New research suggests many borrowers are being overambitious when buying a new home. But a rise in interest rates means they could get a nasty shock.
Thousands of homeowners are likely to face a sharp and unaffordable rise in their monthly mortgage payments.
The Bank of England base rate has stood at a record low of 0.5% since early 2009.
But an imminent increase will force repayments up for millions of borrowers.
Mortgage affordability warning
Now credit reference agency Experian is warning that many borrowers are overestimating their ability to afford the extra costs.
The problem is particularly serious for people who have recently bought a home or who are planning to in the coming months.
Experian said that a significant proportion of these borrowers were already overstretching themselves when applying for a home loan
Its research showed that the typical potential buyer was planning to buy a property worth £235,000 and had a total household income of just over £50,000.
'Get your finances in shape'
The likely monthly mortgage repayments required to finance a purchase of this size would be around £1,300 a month based on a 10% deposit.
Yet, on average, those surveyed said they would only be able to afford £780 a month.
Spokesman Peter Turner said: "These findings show just how important it is to get your finances in the best shape possible in advance of a mortgage application.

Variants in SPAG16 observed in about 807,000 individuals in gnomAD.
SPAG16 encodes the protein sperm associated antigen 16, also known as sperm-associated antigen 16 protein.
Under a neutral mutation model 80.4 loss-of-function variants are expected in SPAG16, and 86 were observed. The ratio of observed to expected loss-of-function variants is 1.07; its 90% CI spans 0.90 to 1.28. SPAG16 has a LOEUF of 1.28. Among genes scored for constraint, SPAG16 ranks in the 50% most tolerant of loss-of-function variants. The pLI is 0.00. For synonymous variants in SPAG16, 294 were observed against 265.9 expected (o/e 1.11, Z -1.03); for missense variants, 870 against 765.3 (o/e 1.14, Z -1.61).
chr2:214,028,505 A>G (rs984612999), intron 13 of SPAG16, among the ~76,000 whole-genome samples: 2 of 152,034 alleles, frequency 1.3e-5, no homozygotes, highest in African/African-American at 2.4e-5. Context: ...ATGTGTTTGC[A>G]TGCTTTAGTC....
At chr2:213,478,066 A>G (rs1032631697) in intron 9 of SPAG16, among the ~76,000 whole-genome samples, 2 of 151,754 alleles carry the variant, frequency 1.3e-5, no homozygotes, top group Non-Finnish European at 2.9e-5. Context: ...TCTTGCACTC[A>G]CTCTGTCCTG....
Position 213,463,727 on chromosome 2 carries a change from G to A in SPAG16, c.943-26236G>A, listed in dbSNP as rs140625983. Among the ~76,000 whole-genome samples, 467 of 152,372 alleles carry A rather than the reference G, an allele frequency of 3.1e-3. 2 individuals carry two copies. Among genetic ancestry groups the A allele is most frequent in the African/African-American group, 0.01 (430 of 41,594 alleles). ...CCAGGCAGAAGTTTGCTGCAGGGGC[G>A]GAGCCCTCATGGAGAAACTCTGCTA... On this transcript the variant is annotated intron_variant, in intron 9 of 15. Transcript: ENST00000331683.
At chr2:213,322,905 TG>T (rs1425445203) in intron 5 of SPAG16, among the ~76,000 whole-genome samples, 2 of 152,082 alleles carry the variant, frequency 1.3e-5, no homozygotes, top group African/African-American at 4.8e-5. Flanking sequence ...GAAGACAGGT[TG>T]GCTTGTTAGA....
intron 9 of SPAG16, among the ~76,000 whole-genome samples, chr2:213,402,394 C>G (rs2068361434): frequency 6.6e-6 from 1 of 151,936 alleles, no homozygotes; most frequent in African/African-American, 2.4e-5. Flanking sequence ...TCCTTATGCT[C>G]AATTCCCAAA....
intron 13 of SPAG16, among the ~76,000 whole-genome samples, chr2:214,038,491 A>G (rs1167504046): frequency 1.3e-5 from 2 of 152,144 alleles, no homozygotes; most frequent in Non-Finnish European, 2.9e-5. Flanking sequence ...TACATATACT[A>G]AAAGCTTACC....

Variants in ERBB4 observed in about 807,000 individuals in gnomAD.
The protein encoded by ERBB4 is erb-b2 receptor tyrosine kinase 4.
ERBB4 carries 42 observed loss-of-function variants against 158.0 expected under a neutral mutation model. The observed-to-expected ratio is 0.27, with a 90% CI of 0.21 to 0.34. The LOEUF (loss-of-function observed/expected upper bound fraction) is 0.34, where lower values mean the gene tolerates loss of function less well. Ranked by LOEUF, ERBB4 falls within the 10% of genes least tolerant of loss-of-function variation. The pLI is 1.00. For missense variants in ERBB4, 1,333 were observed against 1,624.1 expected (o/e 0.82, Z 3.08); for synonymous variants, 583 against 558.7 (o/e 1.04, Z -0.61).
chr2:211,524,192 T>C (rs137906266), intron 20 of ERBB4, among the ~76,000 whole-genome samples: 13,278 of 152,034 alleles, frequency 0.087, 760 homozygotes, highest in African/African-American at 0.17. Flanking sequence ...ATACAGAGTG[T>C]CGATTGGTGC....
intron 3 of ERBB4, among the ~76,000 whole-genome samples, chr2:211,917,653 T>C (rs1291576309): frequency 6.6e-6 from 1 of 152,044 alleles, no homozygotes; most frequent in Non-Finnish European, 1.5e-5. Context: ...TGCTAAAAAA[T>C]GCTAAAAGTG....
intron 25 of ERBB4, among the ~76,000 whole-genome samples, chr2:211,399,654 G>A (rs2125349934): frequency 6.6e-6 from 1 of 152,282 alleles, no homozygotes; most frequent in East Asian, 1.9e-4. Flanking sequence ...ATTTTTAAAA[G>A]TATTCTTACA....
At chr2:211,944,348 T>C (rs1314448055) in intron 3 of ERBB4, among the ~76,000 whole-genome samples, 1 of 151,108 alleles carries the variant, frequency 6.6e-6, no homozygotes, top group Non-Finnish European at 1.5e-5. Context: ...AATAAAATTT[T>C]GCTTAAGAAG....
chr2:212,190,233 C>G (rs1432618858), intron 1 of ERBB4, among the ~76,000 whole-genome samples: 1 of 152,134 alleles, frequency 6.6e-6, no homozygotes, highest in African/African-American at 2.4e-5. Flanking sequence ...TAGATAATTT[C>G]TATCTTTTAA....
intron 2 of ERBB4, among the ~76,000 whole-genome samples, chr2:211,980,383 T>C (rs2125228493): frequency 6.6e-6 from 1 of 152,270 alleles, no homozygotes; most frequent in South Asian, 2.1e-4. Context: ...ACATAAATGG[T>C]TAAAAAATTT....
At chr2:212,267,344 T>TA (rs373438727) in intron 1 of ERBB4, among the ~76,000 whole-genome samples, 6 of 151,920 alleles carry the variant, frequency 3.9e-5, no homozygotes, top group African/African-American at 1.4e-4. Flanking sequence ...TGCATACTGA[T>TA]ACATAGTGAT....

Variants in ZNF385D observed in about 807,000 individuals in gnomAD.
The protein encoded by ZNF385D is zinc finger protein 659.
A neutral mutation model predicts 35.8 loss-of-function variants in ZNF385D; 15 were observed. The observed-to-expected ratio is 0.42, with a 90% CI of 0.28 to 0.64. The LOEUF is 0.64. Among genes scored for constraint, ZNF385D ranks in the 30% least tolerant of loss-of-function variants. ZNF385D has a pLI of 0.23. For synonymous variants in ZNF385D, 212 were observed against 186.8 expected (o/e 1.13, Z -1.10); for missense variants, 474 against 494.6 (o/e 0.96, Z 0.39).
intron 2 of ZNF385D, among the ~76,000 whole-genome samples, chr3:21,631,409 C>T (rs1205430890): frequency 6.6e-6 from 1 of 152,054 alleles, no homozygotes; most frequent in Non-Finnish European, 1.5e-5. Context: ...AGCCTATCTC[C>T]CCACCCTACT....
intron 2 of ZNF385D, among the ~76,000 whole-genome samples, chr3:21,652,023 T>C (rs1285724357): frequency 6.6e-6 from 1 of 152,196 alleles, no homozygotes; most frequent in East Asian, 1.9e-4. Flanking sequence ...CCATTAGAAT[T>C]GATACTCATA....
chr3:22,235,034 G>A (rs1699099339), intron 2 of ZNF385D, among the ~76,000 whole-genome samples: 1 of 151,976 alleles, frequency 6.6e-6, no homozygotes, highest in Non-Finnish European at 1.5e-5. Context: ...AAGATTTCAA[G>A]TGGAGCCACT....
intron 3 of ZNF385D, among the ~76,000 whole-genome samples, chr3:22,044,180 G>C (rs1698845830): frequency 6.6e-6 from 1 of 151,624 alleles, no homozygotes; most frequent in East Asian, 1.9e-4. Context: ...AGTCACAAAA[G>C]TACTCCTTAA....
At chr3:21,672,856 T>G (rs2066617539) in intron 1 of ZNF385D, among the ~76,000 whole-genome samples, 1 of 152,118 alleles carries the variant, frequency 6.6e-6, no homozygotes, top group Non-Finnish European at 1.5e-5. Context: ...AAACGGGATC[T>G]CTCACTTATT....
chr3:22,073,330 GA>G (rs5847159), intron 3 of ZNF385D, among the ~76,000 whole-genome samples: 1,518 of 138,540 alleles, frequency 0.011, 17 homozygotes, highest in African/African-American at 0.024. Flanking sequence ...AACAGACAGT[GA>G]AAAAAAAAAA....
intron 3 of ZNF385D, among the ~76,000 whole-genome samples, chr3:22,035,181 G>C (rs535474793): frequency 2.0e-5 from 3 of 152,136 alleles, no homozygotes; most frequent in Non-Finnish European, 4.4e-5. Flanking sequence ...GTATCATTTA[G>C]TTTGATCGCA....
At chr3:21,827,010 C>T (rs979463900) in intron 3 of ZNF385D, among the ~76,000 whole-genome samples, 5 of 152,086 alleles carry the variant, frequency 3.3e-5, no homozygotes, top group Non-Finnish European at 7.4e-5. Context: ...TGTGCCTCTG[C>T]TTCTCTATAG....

"It's not just a case of making sure you're accepted: it's a case of using your finances to land the best rate possible.
"Ensuring your mortgage application gets the highest credit score possible can make a difference of hundreds of pounds a month, and thousands over the course of the mortgage."
Tough new mortgage lending rules
Recent regulatory changes mean that conditions are now tougher for all mortgage applicants.
The Mortgage Market Review, which came into force at the end of April, forces banks and building societies to be more rigorous when scrutinising potential borrowers.
This means that everyday spending and other financial commitments such as loans and childcare costs are more likely to be taken into account when deciding if an applicant can afford repayments.
Experian said that it had been "widely reported" that the Bank of England was to raise the base rate in 2015.
Mid-2015 interest rate rise predicted
This would have an immediate effect on the cost of variable and tracker mortgages.
And borrowers on fixed-rate loans would face higher repayments when their current deals came to an end.
Mark Harris, chief executive of mortgage broker SPF Private Clients, said he expected the base rate to be raised in mid-2015.
"Nobody has a crystal ball, or at least not a reliable one," he said.
"We are not expecting interest rates to rise any time soon as the economic recovery is still too tentative.
"Indications are that when interest rates do start to rise they will do so slowly before settling at 2 to 3 per cent, lower than the 5 per cent we have been used to in the past."
'Fixed-rate mortgages offer insurance'
But Harris added that even if rates were not to return to previous highs, borrowers should still take action to limit the potential effects of a rising base rate.
"Fixed-rate mortgages provide insurance and protection from interest-rate rises," he said.
"Only in five years when you look back will you know what was best.
"However, if you cannot afford to be wrong – that is, if interest rates were to rise you would struggle to pay your mortgage – then you should always fix."
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